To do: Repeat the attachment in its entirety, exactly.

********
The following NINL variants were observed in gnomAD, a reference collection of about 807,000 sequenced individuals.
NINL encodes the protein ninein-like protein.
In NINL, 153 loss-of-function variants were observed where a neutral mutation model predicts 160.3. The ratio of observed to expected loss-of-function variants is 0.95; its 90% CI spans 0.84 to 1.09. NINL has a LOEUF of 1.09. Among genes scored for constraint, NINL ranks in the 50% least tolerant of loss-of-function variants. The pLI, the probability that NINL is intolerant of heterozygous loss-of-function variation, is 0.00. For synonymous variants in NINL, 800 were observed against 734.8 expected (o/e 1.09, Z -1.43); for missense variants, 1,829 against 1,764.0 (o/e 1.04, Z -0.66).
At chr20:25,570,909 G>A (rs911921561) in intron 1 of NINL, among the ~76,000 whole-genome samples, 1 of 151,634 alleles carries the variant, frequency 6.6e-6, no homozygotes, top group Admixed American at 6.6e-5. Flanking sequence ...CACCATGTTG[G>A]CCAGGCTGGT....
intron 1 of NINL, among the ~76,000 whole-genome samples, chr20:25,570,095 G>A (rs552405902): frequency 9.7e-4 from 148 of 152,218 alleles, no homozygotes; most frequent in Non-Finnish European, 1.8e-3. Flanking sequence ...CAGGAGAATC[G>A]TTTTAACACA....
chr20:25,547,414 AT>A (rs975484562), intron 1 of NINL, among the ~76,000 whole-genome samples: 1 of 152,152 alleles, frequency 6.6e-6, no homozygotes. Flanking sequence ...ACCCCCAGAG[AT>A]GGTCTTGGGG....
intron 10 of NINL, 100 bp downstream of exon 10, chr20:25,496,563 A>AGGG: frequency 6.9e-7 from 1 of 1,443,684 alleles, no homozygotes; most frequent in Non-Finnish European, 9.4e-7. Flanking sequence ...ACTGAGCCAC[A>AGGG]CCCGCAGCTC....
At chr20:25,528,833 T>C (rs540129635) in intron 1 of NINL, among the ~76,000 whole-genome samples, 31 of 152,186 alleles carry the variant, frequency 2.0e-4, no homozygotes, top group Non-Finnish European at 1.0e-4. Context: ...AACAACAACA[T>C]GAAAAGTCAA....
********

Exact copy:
The following NINL variants were observed in gnomAD, a reference collection of about 807,000 sequenced individuals.
NINL encodes the protein ninein-like protein.
In NINL, 153 loss-of-function variants were observed where a neutral mutation model predicts 160.3. The ratio of observed to expected loss-of-function variants is 0.95; its 90% CI spans 0.84 to 1.09. NINL has a LOEUF of 1.09. Among genes scored for constraint, NINL ranks in the 50% least tolerant of loss-of-function variants. The pLI, the probability that NINL is intolerant of heterozygous loss-of-function variation, is 0.00. For synonymous variants in NINL, 800 were observed against 734.8 expected (o/e 1.09, Z -1.43); for missense variants, 1,829 against 1,764.0 (o/e 1.04, Z -0.66).
At chr20:25,570,909 G>A (rs911921561) in intron 1 of NINL, among the ~76,000 whole-genome samples, 1 of 151,634 alleles carries the variant, frequency 6.6e-6, no homozygotes, top group Admixed American at 6.6e-5. Flanking sequence ...CACCATGTTG[G>A]CCAGGCTGGT....
intron 1 of NINL, among the ~76,000 whole-genome samples, chr20:25,570,095 G>A (rs552405902): frequency 9.7e-4 from 148 of 152,218 alleles, no homozygotes; most frequent in Non-Finnish European, 1.8e-3. Flanking sequence ...CAGGAGAATC[G>A]TTTTAACACA....
chr20:25,547,414 AT>A (rs975484562), intron 1 of NINL, among the ~76,000 whole-genome samples: 1 of 152,152 alleles, frequency 6.6e-6, no homozygotes. Flanking sequence ...ACCCCCAGAG[AT>A]GGTCTTGGGG....
intron 10 of NINL, 100 bp downstream of exon 10, chr20:25,496,563 A>AGGG: frequency 6.9e-7 from 1 of 1,443,684 alleles, no homozygotes; most frequent in Non-Finnish European, 9.4e-7. Flanking sequence ...ACTGAGCCAC[A>AGGG]CCCGCAGCTC....
At chr20:25,528,833 T>C (rs540129635) in intron 1 of NINL, among the ~76,000 whole-genome samples, 31 of 152,186 alleles carry the variant, frequency 2.0e-4, no homozygotes, top group Non-Finnish European at 1.0e-4. Context: ...AACAACAACA[T>C]GAAAAGTCAA....